Moonday

Moonday

Book - 2013
Average Rating:
4
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When the Moon disrupts a town by lowering itself into someone's backyard, a child finds a way to return the Moon to its proper place in the sky
Publisher: New York : Disney Hyperion, ©2013
Edition: First Edition
ISBN: 9781423119203
1423119207
Branch Call Number: PIC Rex, A 2013
Characteristics: 1 volume (unpaged) : color illustrations ; 25 cm
Alternative Title: Moon day

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ChristchurchLib Aug 24, 2015

After a sleepy, moonlit car trip, a girl awakens to find that the moon has followed her home. Huge and radiant, it hovers in her backyard, preventing the sun from rising and spreading drowsiness all over town. When the tide starts to trickle in, the girl and her family come up with a plan to gently tempt the moon back to its place in the sky. With its dreamlike tone and lovely, luminous artwork, Moonday is sure to keep kids entranced. For a similar story with a more realistic feel, try Max and the Tag-Along Moon by Floyd Cooper.

Picture books newsletter August 2015

CRRL_CraigGraziano Jul 16, 2015

As a bedtime book, Moonday is something special. It begs to be read in hushed whispers and dulcet tones. The book is surreal, gentle, and offers the potential to inspire many other dreamers.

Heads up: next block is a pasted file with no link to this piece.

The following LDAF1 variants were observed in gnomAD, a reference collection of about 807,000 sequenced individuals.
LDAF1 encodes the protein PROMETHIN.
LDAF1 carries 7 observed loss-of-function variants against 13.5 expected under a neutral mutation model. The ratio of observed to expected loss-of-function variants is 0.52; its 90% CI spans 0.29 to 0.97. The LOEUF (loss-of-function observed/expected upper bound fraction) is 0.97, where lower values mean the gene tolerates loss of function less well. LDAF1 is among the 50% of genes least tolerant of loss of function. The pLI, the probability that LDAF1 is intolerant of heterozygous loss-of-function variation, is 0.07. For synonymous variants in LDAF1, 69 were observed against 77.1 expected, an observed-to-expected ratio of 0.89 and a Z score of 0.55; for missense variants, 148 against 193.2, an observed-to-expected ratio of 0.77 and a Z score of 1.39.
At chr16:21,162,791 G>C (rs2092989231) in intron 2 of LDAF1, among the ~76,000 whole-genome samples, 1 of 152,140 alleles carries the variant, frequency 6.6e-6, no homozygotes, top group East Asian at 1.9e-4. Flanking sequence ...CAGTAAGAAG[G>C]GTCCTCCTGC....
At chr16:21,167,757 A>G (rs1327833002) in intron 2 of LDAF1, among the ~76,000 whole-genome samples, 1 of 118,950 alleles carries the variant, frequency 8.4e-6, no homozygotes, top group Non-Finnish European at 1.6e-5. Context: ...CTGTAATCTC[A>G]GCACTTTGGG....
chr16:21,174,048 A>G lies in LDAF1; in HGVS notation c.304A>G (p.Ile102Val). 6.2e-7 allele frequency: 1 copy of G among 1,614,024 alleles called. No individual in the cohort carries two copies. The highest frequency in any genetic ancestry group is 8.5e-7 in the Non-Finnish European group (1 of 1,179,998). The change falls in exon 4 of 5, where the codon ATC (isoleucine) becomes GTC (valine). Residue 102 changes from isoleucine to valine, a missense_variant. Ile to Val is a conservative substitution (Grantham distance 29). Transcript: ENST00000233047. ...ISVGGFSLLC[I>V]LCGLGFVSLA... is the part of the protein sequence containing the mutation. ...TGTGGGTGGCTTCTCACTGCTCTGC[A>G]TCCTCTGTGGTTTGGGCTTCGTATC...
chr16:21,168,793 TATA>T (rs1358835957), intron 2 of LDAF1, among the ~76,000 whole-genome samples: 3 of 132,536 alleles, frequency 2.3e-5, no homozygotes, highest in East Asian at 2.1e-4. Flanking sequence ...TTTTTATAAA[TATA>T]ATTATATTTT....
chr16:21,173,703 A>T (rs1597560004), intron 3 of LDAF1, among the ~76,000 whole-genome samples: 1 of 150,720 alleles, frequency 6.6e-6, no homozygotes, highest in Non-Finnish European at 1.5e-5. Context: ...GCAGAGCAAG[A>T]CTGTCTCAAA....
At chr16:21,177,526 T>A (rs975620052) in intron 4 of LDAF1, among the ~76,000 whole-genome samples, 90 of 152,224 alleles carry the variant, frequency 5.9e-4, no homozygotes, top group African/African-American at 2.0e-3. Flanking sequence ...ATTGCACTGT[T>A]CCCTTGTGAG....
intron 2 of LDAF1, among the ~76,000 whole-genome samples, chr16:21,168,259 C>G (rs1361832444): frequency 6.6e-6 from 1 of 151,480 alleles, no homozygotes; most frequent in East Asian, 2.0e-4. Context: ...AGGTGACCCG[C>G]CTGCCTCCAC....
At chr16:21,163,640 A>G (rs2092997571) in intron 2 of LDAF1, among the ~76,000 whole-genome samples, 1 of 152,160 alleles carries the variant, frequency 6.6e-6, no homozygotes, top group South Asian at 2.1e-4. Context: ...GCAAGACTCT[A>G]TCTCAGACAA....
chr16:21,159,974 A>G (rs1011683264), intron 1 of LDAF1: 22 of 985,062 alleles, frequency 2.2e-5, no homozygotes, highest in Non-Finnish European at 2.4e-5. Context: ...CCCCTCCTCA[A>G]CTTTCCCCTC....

Read more at: http://www.librarypoint.org/moonday_rex

BCD2013 Jun 12, 2014

NYPL Staff Pick
Hush now - the moon has come down to Earth, the sun is nowhere to be seen ...and now the tide is rising in the backyard. How to coax the moon back into the sky? A tale for dozy times with glimmering nighttime scenes.

forbesrachel Oct 13, 2013

What is supposed to be an imaginative and beautiful take on a child's day with the moon, comes off as confusing, by trying to do too much in its short space. When the moon comes down from the sky it causes mayhem to the world's sleep cycle, tides, and dogs. The author mentions how important the moon is, but barely gets across how much it would be affected, in fact it makes light of what would happen. Certainly, the moon is depicted with great beauty, but even that is given little attention.

As a child's tale, disbelief could be suspended as to why the moon is there, but the presence of the child's parents, who question neither its appearance, nor panic at what would certainly mean the end of the world, only emphasizes its illogical aspects.

If the story focused on one or two points, this could have been a triumph, but the story of the child has no clear point, the information on the moon is too briefly addressed, and the moon itself is not given enough time to truly shine.

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